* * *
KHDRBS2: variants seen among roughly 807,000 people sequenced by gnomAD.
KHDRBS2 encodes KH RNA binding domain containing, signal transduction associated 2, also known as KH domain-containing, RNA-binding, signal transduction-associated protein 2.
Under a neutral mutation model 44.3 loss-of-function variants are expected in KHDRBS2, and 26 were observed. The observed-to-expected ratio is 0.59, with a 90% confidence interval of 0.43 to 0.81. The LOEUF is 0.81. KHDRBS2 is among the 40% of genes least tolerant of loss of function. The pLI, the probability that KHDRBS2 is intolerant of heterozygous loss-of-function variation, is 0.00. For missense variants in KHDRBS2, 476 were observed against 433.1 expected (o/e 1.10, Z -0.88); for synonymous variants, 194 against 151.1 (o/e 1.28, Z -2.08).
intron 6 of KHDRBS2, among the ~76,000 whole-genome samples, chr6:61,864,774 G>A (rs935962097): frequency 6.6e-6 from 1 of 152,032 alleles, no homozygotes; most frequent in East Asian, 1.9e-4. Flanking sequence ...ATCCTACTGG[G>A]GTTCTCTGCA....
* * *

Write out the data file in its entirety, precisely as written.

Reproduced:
KHDRBS2: variants seen among roughly 807,000 people sequenced by gnomAD.
KHDRBS2 encodes KH RNA binding domain containing, signal transduction associated 2, also known as KH domain-containing, RNA-binding, signal transduction-associated protein 2.
Under a neutral mutation model 44.3 loss-of-function variants are expected in KHDRBS2, and 26 were observed. The observed-to-expected ratio is 0.59, with a 90% confidence interval of 0.43 to 0.81. The LOEUF is 0.81. KHDRBS2 is among the 40% of genes least tolerant of loss of function. The pLI, the probability that KHDRBS2 is intolerant of heterozygous loss-of-function variation, is 0.00. For missense variants in KHDRBS2, 476 were observed against 433.1 expected (o/e 1.10, Z -0.88); for synonymous variants, 194 against 151.1 (o/e 1.28, Z -2.08).
intron 6 of KHDRBS2, among the ~76,000 whole-genome samples, chr6:61,864,774 G>A (rs935962097): frequency 6.6e-6 from 1 of 152,032 alleles, no homozygotes; most frequent in East Asian, 1.9e-4. Flanking sequence ...ATCCTACTGG[G>A]GTTCTCTGCA....